Duffy MacKay, N.D.
Senior Vice President of Scientific and Regulatory Affairs, Council for Responsible Nutrition
The habit of starting each day with a healthy breakfast is the best way to set intentions for eating healthily for the remainder of the day. However, because we never know how the day will unfold, taking a dietary supplement, such as a multivitamin, with breakfast can serve as a nutrition insurance policy.
Meet the multivitamin
The multivitamin is the most popular dietary supplement with over 50 percent of Americans taking one, according to the 2016 Council for Responsible Nutrition Consumer Survey on Dietary Supplements. Research has shown that the multivitamin provides many benefits to people of all ages, but most importantly, it helps to fill nutrients gaps in the diet.
The fact is that Americans are not getting enough of the nutrients they need from food alone. Data from the 2015–2020 Dietary Guidelines for Americans show that key nutrients needed for good health, including calcium, magnesium and vitamins A, D, E and C, are being consumed below the recommended levels. Fortunately, these are nutrients that are found in a multivitamin.
Putting fiber in the equation
The 2015–2020 Dietary Guidelines for Americans also identified fiber as a nutrient of public health concern because Americans’ intake of dietary fiber is below what is recommended for good health and not getting enough fiber is associated with health risks. Taking a fiber dietary supplement is a smart option for people falling short in this nutrient. Also, fiber can help with satiety, keeping you feeling full until your next meal.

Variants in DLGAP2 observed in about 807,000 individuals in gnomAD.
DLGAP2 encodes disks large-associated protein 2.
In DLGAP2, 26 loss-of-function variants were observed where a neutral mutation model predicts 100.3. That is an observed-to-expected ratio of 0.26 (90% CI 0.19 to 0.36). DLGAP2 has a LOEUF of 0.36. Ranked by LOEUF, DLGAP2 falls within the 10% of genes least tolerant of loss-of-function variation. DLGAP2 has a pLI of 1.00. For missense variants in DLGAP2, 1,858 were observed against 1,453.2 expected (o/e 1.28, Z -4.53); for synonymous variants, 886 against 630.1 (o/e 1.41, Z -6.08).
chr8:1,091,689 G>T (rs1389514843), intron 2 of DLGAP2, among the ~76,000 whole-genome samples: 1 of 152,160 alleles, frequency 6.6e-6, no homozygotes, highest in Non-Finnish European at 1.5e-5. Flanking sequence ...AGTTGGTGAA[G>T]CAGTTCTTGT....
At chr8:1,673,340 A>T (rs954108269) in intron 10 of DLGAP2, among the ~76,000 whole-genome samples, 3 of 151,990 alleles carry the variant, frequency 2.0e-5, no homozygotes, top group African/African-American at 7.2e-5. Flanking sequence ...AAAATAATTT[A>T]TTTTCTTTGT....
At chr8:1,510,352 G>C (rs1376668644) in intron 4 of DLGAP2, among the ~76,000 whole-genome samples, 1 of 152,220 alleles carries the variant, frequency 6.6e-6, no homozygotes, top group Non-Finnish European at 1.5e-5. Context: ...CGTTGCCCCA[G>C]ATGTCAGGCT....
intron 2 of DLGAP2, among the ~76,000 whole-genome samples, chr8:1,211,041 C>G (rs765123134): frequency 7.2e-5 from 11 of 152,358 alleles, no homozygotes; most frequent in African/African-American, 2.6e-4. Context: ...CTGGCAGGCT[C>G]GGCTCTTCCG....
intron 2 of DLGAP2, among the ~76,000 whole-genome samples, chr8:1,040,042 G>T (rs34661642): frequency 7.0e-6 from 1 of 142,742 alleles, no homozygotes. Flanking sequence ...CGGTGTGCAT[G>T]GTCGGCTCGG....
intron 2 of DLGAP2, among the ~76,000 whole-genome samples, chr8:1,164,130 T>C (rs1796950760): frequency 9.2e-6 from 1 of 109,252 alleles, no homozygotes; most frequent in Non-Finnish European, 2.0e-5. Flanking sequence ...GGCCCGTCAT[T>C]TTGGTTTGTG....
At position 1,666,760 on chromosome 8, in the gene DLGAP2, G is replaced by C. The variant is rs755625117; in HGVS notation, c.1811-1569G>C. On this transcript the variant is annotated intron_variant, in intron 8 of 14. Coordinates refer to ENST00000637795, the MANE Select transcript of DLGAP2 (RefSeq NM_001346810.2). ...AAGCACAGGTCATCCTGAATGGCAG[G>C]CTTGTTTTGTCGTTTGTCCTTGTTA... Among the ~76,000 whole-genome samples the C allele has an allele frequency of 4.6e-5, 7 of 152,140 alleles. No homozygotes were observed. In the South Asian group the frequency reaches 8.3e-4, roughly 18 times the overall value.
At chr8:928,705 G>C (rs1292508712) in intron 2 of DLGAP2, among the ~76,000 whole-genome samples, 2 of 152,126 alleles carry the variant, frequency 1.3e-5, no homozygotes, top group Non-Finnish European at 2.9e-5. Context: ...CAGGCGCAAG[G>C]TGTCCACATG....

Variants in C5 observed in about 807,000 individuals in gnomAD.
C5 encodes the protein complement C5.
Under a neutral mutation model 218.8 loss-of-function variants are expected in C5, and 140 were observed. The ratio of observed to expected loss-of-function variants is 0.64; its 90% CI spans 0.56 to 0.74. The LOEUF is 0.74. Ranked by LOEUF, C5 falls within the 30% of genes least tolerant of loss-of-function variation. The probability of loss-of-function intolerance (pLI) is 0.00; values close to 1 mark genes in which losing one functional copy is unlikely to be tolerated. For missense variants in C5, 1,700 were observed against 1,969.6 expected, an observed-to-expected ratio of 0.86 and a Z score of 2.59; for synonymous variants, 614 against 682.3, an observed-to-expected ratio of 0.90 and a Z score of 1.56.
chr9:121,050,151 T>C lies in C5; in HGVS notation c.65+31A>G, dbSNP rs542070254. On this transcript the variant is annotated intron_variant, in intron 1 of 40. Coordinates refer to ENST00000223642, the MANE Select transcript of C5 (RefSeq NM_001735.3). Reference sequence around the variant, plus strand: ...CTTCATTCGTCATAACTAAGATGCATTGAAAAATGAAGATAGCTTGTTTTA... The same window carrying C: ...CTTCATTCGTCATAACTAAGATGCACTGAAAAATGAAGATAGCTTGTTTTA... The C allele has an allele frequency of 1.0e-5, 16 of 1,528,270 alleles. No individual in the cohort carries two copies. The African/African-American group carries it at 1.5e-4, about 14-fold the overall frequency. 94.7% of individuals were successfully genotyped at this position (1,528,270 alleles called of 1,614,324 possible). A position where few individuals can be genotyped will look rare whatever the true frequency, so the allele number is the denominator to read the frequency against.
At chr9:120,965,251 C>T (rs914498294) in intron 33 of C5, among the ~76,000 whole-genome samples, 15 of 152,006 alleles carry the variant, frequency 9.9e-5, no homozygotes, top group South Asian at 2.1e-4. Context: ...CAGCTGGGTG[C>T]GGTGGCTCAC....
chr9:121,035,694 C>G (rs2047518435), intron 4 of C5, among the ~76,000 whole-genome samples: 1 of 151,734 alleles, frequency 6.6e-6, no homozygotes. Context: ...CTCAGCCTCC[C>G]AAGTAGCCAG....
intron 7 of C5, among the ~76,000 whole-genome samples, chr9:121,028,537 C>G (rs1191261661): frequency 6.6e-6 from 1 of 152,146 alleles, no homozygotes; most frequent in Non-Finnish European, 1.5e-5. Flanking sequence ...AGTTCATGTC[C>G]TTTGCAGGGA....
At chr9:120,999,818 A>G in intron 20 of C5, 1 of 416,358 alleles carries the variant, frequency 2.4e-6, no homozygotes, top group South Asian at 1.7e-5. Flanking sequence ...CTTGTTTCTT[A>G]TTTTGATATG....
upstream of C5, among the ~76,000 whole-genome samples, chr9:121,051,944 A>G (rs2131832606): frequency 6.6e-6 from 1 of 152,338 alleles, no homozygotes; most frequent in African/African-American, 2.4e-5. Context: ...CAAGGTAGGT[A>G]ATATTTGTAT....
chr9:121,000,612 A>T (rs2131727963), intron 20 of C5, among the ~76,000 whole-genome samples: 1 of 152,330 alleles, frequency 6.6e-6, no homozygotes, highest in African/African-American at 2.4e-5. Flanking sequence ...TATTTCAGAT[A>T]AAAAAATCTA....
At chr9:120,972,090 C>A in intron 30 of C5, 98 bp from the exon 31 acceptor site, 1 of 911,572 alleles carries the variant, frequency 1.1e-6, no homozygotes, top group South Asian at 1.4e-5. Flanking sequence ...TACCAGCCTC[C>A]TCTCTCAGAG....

In short, there is no such things as a perfect diet, and so taking dietary supplements with breakfast can help to ensure you’re getting all the nutrients you need while also establishing a healthy routine. It’s important to remember that that dietary supplements are supplements to — not substitutes for — a healthy diet. Also, we recommend that you talk to your doctor or other healthcare practitioner about your diet and whether dietary supplements can play a role in helping you achieve optimal nutrition.
Duffy MacKay, N.D., Senior Vice President of Scientific and Regulatory Affairs, Council for Responsible Nutrition, [email protected]